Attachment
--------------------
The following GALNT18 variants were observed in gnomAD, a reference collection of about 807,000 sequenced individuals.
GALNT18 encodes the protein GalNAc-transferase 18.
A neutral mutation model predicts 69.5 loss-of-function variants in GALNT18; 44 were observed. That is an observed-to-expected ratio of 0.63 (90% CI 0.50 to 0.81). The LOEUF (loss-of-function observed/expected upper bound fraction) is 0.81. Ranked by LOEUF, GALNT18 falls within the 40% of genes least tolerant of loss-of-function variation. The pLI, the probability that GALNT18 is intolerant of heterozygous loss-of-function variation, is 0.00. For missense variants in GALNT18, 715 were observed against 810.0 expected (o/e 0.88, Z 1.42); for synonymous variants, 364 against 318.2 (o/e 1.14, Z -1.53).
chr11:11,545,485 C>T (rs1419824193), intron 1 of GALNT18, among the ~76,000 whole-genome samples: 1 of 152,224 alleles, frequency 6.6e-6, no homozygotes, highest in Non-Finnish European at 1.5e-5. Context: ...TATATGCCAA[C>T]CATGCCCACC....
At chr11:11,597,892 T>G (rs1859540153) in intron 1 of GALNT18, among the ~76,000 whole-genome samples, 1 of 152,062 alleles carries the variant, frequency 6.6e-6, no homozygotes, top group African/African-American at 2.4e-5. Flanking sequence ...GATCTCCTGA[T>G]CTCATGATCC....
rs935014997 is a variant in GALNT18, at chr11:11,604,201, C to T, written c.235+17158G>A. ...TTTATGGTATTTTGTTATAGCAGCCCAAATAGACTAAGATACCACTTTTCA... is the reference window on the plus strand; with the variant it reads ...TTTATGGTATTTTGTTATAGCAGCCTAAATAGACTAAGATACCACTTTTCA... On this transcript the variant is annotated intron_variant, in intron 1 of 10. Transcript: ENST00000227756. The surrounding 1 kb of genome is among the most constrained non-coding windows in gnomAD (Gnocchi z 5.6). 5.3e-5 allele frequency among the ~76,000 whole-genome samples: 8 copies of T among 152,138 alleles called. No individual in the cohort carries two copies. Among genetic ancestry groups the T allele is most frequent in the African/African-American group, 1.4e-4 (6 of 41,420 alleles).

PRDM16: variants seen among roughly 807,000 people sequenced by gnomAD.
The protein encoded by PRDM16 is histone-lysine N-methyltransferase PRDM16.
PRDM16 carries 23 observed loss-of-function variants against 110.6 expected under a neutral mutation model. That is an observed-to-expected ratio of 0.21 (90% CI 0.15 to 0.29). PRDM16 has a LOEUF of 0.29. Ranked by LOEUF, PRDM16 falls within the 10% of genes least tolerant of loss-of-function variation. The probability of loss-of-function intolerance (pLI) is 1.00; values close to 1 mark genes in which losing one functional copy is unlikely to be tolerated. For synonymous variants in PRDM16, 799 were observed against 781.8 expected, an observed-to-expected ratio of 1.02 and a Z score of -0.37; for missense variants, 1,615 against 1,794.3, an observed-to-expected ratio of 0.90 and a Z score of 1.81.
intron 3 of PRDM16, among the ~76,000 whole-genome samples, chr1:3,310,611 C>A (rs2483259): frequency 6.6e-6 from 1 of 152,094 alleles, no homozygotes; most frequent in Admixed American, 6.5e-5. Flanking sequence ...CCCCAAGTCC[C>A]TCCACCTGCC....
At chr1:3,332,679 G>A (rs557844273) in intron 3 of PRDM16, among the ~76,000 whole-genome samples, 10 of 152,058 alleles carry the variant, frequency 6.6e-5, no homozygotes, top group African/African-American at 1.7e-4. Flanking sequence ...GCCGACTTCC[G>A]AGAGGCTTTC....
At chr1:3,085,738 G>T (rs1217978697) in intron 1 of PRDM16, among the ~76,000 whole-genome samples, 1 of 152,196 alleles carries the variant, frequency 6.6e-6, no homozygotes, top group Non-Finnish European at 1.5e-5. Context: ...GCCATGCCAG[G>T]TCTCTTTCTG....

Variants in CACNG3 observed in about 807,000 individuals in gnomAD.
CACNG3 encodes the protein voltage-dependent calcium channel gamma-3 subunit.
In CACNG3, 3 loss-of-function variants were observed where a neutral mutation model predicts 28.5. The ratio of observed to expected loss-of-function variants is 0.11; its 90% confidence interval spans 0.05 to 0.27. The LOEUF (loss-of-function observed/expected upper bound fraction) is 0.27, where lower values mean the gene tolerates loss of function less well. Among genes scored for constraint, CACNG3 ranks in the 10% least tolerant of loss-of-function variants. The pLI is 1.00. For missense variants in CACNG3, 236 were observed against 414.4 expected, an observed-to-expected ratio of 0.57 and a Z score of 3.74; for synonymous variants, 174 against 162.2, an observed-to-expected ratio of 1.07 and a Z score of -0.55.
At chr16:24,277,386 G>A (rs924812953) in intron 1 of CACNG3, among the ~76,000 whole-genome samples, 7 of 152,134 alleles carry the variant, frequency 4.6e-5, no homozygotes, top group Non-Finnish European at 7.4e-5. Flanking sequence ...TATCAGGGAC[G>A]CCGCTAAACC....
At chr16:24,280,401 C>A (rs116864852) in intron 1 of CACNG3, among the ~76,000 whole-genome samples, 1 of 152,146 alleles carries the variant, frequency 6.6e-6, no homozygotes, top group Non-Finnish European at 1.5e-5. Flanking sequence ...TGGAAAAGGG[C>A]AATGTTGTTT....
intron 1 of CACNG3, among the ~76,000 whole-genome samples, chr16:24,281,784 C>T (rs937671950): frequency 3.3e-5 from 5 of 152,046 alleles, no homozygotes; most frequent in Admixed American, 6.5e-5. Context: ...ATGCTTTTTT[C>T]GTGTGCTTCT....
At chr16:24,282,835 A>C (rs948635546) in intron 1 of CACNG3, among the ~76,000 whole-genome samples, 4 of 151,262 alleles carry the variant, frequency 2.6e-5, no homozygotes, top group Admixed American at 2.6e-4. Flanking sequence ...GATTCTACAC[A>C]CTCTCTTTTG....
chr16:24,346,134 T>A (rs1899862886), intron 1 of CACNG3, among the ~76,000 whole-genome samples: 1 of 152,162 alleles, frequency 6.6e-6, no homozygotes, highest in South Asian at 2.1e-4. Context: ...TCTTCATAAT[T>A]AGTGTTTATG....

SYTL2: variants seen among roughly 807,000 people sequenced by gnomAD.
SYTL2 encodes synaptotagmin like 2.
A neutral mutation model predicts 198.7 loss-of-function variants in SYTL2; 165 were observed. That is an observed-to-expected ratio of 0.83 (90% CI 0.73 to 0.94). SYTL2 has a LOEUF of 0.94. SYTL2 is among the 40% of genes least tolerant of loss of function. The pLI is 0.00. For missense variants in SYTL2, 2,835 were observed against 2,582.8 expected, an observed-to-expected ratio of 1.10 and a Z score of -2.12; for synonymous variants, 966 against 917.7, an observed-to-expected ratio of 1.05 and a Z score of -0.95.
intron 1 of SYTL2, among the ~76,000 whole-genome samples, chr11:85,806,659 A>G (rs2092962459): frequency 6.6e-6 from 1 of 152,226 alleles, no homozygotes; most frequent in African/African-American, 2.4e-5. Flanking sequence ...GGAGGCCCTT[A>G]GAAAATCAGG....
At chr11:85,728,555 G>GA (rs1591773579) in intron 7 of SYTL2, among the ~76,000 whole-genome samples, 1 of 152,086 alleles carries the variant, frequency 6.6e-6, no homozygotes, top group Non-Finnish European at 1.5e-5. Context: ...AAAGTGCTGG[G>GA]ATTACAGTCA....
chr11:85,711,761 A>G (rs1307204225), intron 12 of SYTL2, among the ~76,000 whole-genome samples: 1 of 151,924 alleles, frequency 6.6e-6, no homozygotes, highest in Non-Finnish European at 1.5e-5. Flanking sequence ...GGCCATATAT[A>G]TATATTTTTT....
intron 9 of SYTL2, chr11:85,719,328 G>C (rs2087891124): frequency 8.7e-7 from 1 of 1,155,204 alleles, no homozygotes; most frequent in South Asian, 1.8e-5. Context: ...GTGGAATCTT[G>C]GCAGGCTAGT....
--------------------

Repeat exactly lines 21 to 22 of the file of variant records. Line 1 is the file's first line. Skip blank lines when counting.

SYTL2: variants seen among roughly 807,000 people sequenced by gnomAD.
SYTL2 encodes synaptotagmin like 2.